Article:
Agonafer receives ASME Early Career award
Damena Agonafer received an Early Career Award from the American Society of Mechanical Engineers (ASME) at its InterPACK Conference
Damena Agonafer, assistant professor of mechanical engineering & materials science, received the Electronics and Photonics Packaging Division (EPPD) 2019 Early Career Award from the American Society of Mechanical Engineers (ASME) at its InterPACK Conference Oct. 7-9 in Anaheim, California.
The award recognizes a young engineer with significant technical achievements in his or her career in electronic and photonic packaging demonstrated through papers, patents or product development, as well as his or her contributions to the EPPD field. The recipient must be within 10 years of his or her last degree received.
Agonafer's research is at the intersection of thermal-fluid sciences, interfacial transport phenomena and renewable energy. He develops novel materials and systems for thermal management of power and microelectronic systems, as well as for thermochemical and electrochemical energy storage applications. His goal is to achieve transformational changes in technologies by tuning and controlling solid-liquid-vapor interactions at micro/nano length scales.
"It is great to see Damena receiving well-deserved recognition for the innovative work he is doing," said Philip Bayly, the Lilyan & E. Lisle Hughes Professor of Mechanical Engineering and chair of the Department of Mechanical Engineering & Materials Science. "Managing heat in complex electronic devices is a critical challenge for mechanical engineers now and in the coming decades, and Damena is at the forefront of academic researchers confronting that challenge."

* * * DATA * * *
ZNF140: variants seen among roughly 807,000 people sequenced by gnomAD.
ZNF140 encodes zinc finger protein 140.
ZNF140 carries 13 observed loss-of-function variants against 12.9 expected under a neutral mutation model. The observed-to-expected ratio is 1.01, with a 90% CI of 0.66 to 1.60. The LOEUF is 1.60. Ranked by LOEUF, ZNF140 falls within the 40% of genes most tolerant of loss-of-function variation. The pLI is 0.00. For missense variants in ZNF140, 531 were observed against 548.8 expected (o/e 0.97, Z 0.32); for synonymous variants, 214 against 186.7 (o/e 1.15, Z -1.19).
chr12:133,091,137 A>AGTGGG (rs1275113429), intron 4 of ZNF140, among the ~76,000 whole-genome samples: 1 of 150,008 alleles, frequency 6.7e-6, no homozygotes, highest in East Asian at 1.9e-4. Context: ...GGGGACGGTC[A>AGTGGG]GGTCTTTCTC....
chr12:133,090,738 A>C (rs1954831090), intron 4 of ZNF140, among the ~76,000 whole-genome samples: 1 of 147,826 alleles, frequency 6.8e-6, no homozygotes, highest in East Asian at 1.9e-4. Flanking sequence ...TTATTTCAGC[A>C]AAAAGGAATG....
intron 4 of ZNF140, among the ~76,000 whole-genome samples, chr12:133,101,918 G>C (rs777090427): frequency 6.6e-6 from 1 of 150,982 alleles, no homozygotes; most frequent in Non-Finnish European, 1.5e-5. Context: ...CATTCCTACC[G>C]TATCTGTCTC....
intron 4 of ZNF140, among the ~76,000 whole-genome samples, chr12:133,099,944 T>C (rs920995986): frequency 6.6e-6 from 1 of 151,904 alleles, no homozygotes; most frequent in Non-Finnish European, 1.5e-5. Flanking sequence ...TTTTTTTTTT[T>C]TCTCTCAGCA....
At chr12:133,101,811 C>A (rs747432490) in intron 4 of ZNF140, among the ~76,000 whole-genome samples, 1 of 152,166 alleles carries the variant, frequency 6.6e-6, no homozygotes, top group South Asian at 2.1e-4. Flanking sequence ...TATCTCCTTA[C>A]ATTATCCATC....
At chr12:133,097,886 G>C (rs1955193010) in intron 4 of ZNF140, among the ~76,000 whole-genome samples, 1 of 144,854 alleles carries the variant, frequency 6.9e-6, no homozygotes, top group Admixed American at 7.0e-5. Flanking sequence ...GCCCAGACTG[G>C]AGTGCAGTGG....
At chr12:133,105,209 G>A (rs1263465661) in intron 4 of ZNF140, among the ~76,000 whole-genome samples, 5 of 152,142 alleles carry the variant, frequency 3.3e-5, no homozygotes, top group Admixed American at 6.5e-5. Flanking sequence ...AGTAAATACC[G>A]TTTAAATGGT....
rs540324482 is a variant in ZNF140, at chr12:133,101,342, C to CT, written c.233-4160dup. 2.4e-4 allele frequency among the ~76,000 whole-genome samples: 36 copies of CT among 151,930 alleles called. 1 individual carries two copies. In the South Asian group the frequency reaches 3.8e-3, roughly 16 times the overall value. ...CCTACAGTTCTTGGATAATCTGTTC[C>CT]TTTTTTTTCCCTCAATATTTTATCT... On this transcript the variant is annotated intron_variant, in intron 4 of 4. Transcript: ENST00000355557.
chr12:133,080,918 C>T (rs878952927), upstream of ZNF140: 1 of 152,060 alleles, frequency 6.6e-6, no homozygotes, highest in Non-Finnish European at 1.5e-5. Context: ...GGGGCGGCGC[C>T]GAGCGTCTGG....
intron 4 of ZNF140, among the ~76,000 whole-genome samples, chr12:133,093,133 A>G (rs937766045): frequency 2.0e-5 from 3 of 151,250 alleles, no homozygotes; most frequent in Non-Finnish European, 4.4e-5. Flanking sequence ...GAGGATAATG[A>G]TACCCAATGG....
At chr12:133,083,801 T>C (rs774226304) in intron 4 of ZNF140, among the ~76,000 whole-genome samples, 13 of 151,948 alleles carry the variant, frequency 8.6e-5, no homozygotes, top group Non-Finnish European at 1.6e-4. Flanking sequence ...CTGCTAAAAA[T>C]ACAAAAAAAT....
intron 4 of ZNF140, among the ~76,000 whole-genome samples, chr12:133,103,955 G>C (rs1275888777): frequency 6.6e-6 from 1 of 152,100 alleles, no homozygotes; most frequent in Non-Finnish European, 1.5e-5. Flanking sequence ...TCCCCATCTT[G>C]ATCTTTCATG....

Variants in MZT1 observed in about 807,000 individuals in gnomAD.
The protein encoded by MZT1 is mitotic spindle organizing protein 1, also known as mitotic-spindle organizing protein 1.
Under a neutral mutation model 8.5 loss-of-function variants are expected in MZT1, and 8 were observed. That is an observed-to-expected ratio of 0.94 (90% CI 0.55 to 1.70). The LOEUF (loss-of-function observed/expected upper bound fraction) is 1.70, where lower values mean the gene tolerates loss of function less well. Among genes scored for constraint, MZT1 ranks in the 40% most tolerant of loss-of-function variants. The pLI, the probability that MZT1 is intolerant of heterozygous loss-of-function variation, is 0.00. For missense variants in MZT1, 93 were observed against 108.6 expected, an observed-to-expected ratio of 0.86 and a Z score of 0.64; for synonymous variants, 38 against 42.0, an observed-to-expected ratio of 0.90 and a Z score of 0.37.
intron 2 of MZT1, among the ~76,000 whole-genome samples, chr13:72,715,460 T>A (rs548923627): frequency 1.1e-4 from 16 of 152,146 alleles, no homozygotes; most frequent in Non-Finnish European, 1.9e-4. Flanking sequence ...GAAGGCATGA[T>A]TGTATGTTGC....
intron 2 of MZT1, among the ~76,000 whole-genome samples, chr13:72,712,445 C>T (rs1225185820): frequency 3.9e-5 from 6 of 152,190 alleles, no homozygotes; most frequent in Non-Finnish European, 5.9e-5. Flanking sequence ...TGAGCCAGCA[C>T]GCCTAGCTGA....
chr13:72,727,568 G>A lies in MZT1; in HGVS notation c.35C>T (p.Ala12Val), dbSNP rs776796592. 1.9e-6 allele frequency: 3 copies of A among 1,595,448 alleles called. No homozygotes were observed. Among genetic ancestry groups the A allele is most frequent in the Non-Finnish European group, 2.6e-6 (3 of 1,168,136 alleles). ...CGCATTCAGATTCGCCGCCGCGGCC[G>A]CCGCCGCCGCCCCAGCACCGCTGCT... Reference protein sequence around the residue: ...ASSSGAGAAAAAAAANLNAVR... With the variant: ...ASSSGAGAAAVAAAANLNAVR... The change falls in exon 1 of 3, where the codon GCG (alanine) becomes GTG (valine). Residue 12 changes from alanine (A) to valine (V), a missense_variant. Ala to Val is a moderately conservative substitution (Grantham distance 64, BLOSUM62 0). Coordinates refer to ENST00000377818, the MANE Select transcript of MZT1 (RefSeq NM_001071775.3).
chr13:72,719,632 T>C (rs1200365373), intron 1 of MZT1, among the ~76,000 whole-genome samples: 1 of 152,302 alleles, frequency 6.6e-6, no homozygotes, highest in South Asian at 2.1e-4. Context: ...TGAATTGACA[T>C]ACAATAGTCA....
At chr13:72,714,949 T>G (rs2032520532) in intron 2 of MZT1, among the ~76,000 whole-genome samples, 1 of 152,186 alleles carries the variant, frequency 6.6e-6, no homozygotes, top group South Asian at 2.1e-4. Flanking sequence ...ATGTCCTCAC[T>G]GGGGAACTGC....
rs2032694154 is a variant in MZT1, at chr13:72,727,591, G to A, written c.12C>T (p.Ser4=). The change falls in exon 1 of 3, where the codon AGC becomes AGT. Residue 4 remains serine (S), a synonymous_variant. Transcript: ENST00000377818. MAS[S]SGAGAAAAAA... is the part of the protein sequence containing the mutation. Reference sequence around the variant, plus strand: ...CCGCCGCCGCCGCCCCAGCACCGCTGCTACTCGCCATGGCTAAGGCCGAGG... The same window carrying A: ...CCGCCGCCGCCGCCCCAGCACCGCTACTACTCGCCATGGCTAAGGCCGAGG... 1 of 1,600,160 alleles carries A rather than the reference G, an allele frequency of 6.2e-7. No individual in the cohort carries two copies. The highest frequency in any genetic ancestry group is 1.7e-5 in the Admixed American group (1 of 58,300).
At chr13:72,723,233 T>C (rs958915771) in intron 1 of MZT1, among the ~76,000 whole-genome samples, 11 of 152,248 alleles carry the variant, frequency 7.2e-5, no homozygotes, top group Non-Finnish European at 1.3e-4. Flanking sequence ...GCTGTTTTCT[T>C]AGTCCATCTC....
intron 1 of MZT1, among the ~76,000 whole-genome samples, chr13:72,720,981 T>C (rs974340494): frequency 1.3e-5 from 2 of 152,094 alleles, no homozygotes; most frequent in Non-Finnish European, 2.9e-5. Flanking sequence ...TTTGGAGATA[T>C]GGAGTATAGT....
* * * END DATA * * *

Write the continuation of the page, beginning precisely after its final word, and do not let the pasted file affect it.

Research in his Nanoscale Energy and Interfacial Transport (NEIT) lab is funded by Cisco Systems and Google Inc. He is developing new thermal materials and structures, including a micro-heat exchanger, that would help to manage the heat load in high-power CPUs in micro-electronics applications such as data centers without compromising performance. In the future, this cooling technology can also be applied to a broad range of other applications, such as power electronics and military applications.
Agonafer is a faculty adviser to the Institute of Materials Science and Engineering, a member of the Center for Solar Energy and Energy Storage, and faculty adviser to the National Society of Black Engineers (NSBE), all at Washington University. He earned a doctorate at the University of Illinois in 2012, a master's from Carnegie Mellon University in 2006 and a bachelor's from the University of Texas at Arlington in 2004. After earning a doctorate, he worked as a postdoctoral researcher in Kenneth Goodson's lab at Stanford University before joining Washington University in St. Louis.